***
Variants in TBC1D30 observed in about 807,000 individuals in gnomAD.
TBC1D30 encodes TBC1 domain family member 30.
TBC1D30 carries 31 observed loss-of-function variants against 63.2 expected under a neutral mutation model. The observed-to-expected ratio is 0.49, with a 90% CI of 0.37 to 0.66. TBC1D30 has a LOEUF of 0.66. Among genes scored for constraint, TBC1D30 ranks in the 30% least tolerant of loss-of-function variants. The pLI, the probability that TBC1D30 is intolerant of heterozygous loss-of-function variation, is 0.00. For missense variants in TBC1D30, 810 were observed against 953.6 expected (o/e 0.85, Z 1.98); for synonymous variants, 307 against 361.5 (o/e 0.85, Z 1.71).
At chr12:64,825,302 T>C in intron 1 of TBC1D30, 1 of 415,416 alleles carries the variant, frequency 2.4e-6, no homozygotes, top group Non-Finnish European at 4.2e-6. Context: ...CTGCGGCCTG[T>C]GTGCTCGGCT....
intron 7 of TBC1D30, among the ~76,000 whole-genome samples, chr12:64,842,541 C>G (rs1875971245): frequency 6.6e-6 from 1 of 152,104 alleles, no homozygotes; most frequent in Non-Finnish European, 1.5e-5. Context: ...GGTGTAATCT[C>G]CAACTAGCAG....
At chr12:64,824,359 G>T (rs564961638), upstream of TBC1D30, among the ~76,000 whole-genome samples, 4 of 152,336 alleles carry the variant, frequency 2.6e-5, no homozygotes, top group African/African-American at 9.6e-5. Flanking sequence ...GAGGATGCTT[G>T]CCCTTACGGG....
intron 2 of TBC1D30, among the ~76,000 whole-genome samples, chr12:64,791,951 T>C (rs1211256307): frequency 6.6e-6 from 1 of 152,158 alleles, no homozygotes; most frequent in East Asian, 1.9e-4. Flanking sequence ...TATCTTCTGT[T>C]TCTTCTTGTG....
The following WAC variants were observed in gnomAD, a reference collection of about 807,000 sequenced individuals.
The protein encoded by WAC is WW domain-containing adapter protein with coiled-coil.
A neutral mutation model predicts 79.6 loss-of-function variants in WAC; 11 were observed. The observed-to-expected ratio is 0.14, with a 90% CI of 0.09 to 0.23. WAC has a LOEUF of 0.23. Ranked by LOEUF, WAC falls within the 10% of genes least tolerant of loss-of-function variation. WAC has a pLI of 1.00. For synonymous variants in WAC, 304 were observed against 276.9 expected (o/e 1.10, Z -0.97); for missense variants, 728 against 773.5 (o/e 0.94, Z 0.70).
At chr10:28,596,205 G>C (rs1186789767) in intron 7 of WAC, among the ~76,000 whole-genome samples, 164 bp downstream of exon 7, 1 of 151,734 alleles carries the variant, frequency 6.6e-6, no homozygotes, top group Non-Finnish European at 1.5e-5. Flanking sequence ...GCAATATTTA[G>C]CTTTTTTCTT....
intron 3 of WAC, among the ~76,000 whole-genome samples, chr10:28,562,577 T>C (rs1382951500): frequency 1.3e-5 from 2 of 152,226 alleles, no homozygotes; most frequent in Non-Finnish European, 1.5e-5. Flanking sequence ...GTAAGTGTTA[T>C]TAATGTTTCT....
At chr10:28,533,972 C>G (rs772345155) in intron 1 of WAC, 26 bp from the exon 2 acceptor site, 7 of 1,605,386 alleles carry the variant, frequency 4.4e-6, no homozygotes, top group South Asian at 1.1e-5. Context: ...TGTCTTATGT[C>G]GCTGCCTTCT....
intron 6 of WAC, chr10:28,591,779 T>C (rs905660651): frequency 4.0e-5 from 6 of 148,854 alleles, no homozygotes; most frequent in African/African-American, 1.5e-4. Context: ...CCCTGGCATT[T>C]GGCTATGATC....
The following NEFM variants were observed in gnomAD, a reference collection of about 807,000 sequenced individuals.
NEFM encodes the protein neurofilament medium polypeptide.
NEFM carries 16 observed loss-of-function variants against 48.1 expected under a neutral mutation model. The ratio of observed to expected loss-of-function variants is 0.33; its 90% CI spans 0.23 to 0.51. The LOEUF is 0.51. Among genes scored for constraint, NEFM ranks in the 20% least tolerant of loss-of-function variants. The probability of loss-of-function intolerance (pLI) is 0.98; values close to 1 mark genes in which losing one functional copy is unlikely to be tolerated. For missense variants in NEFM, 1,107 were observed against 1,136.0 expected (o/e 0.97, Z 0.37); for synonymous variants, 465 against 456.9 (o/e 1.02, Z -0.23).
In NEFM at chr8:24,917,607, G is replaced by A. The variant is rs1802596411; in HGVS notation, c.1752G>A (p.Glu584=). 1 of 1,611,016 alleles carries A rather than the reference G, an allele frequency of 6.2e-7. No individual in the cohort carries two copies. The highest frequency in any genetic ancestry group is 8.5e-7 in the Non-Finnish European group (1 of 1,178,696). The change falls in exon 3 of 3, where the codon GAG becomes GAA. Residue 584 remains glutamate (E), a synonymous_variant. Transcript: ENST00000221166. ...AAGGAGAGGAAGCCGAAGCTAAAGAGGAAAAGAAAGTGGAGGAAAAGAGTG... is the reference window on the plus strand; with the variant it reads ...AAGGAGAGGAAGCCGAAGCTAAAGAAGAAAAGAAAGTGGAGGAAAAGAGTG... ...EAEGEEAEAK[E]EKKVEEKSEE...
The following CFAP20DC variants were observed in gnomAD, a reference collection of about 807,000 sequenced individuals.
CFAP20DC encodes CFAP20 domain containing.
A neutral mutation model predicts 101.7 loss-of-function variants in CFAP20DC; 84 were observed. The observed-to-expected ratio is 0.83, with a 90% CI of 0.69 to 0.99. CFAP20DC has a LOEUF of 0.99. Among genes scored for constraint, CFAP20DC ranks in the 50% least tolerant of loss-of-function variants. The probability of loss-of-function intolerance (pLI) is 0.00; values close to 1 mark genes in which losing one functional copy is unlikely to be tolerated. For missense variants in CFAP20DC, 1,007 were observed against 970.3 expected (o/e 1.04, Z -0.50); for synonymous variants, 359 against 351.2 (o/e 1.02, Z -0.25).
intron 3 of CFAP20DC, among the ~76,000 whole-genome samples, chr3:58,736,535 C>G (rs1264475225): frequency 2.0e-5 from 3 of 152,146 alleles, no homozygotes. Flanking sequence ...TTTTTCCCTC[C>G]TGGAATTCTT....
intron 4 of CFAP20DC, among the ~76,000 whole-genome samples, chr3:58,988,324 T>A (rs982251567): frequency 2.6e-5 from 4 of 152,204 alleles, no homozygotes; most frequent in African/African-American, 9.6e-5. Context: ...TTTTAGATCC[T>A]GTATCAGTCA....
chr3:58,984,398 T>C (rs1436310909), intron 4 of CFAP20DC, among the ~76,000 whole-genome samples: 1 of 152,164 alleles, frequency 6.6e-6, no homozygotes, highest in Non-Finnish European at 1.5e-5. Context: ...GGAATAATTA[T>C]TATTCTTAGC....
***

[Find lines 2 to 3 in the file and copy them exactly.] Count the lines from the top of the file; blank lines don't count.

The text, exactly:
TBC1D30 encodes TBC1 domain family member 30.
TBC1D30 carries 31 observed loss-of-function variants against 63.2 expected under a neutral mutation model. The observed-to-expected ratio is 0.49, with a 90% CI of 0.37 to 0.66. TBC1D30 has a LOEUF of 0.66. Among genes scored for constraint, TBC1D30 ranks in the 30% least tolerant of loss-of-function variants. The pLI, the probability that TBC1D30 is intolerant of heterozygous loss-of-function variation, is 0.00. For missense variants in TBC1D30, 810 were observed against 953.6 expected (o/e 0.85, Z 1.98); for synonymous variants, 307 against 361.5 (o/e 0.85, Z 1.71).